Patrushev with Israeli Prime Minister Benjamin Netanyahu and John Bolton in June 2019

According to a post on Anastasia Vashukevich's Instagram account, Patrushev, who had traveled to Thailand during late February 2018, was involved in her arrest in Thailand during late February 2018.[12]

Political views[edit]

Patrushev belongs to the Siloviki of Putin's inner circle.[13][a]

In December 2000, on the anniversary of the founding of the Bolshevik secret police, the Cheka, an interview with him was published in a Russian national daily. In defence of the emerging trend of co-opting officers in the security and intelligence apparatus into high government posts, Patrushev noted that his FSB colleagues did not "work for money [...] [they] are, if you will, modern 'neo-nobility'." ("современные «неодворяне»")[14][15] The term "new nobility" gained currency afterwards, as in the eponymous book The New Nobility.[16][17]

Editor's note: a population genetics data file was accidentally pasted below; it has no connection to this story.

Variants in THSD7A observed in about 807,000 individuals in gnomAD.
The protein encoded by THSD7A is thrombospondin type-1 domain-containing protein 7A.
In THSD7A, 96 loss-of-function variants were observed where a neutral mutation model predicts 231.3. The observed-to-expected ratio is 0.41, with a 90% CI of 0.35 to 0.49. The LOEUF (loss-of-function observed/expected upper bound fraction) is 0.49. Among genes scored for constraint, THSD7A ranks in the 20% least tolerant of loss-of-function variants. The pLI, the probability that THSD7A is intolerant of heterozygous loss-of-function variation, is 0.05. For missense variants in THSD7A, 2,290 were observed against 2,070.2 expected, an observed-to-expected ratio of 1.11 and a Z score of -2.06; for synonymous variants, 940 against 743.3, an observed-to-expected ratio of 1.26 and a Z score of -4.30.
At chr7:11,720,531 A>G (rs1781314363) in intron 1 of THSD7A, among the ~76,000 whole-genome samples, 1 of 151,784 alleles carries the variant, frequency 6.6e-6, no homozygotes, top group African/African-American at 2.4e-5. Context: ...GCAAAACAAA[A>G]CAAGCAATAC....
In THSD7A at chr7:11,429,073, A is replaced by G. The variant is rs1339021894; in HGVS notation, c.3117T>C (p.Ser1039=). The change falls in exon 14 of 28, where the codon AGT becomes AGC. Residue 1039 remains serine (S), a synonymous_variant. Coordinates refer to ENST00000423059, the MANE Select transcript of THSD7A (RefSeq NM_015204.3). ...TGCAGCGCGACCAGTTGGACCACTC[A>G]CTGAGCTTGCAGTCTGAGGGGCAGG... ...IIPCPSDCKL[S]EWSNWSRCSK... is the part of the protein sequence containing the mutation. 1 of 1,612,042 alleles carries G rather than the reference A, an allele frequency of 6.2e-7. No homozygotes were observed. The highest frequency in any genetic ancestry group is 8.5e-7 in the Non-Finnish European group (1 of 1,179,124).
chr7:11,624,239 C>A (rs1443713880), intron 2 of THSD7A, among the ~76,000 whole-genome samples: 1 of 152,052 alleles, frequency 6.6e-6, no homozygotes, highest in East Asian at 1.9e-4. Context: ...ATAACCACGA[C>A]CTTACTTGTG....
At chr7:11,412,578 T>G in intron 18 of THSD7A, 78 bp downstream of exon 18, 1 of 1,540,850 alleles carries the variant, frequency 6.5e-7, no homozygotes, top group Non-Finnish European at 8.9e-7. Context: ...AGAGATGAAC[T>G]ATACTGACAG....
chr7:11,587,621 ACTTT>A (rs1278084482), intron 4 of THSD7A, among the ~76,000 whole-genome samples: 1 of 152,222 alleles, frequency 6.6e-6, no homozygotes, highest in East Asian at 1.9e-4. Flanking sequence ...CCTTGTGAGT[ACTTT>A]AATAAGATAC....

Patrushev believes that the United States of America "would much prefer that Russia did not exist at all.[18] He was quoted as saying, "Because we possess great [natural] resources. The Americans believe that we control them illegally and undeservedly because, in their view, we do not use them as they ought to be used."[18]

Patrushev also referenced "Madeleine Albright’s claim 'that neither the Far East nor Siberia belong to Russia.'" According to the New York Times, there is no official record of Albright having made such a remark. Instead, it can be traced back to a psychic employed by the FSB who claimed to have read the thoughts in Albright's mind while in a state of trance.[19][20]

According to Patrushev, the 2014 Ukrainian revolution was started by the United States.[18]

In June 2019, Patrushev said that Iran "has always been and remains our ally and partner".[21]